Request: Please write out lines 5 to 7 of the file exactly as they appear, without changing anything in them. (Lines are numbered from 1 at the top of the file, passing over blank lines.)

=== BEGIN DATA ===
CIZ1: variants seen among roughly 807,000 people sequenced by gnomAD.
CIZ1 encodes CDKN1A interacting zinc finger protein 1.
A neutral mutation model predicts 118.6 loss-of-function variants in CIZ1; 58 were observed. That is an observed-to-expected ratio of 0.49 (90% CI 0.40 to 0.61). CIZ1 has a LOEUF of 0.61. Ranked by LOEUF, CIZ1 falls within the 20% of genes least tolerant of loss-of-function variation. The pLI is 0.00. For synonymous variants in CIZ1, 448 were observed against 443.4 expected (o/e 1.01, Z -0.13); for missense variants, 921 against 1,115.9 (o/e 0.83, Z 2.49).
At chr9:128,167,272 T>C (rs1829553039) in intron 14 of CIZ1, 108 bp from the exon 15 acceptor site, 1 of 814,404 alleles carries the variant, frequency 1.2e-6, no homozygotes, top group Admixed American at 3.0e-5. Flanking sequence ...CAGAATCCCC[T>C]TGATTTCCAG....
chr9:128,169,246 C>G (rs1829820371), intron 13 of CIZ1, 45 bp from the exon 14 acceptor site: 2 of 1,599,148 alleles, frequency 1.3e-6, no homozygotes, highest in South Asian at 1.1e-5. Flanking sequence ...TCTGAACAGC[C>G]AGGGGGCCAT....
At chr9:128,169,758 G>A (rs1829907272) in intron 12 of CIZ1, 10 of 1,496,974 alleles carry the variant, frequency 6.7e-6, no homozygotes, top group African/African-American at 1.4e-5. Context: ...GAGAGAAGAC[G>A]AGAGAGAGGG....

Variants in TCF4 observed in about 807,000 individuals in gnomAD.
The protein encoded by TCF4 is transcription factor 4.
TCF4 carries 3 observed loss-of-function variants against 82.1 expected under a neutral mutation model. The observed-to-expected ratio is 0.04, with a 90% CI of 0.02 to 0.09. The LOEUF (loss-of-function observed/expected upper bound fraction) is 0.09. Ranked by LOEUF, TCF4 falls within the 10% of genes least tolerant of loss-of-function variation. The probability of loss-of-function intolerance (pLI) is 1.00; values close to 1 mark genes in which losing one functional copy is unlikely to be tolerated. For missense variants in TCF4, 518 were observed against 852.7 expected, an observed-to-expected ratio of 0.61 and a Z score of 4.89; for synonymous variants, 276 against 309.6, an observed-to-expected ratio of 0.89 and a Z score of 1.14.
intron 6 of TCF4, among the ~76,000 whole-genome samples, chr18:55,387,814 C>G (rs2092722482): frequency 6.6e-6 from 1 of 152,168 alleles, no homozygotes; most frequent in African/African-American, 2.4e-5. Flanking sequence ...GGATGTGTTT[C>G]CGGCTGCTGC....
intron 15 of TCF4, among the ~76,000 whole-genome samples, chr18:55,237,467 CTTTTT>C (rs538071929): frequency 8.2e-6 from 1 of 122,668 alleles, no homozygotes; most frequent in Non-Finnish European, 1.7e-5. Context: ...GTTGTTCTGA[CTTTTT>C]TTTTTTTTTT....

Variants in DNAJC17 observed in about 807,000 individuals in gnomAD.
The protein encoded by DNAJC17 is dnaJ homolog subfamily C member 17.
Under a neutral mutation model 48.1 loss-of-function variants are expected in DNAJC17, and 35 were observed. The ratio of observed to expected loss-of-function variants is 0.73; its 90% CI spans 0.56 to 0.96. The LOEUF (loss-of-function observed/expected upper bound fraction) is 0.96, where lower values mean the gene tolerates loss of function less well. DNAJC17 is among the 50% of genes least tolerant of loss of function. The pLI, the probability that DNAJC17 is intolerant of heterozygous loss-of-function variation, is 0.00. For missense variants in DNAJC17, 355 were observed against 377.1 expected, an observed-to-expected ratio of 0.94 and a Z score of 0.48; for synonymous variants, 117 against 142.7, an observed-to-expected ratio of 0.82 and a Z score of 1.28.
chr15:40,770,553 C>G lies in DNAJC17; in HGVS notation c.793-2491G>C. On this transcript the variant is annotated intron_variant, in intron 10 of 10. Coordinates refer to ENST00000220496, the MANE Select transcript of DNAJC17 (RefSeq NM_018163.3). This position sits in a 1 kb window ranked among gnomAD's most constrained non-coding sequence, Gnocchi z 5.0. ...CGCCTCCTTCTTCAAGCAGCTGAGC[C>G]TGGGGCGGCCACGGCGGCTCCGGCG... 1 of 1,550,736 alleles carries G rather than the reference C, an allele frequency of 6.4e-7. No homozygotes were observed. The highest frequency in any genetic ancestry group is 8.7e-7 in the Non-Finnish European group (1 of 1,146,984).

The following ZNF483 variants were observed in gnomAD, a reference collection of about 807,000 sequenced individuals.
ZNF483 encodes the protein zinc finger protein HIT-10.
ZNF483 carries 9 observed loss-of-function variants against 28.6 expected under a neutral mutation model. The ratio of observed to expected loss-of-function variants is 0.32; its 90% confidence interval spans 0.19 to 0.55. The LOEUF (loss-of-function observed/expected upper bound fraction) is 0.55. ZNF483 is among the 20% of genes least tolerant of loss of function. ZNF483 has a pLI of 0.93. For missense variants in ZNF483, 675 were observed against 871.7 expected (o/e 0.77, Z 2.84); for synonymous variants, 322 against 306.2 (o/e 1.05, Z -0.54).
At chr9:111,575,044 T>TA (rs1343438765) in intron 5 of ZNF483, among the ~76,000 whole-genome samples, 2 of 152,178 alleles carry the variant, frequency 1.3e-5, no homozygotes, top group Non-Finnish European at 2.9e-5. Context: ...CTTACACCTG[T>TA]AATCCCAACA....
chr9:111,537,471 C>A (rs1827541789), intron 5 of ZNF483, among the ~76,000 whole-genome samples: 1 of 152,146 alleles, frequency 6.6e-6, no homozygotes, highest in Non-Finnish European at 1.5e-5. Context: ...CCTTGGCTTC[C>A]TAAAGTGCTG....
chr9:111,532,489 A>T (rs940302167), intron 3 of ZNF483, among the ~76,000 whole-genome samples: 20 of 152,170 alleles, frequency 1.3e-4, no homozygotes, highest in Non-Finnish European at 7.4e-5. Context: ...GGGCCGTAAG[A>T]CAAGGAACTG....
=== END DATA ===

chr9:128,169,246 C>G (rs1829820371), intron 13 of CIZ1, 45 bp from the exon 14 acceptor site: 2 of 1,599,148 alleles, frequency 1.3e-6, no homozygotes, highest in South Asian at 1.1e-5. Flanking sequence ...TCTGAACAGC[C>G]AGGGGGCCAT....
At chr9:128,169,758 G>A (rs1829907272) in intron 12 of CIZ1, 10 of 1,496,974 alleles carry the variant, frequency 6.7e-6, no homozygotes, top group African/African-American at 1.4e-5. Context: ...GAGAGAAGAC[G>A]AGAGAGAGGG....

Variants in TCF4 observed in about 807,000 individuals in gnomAD.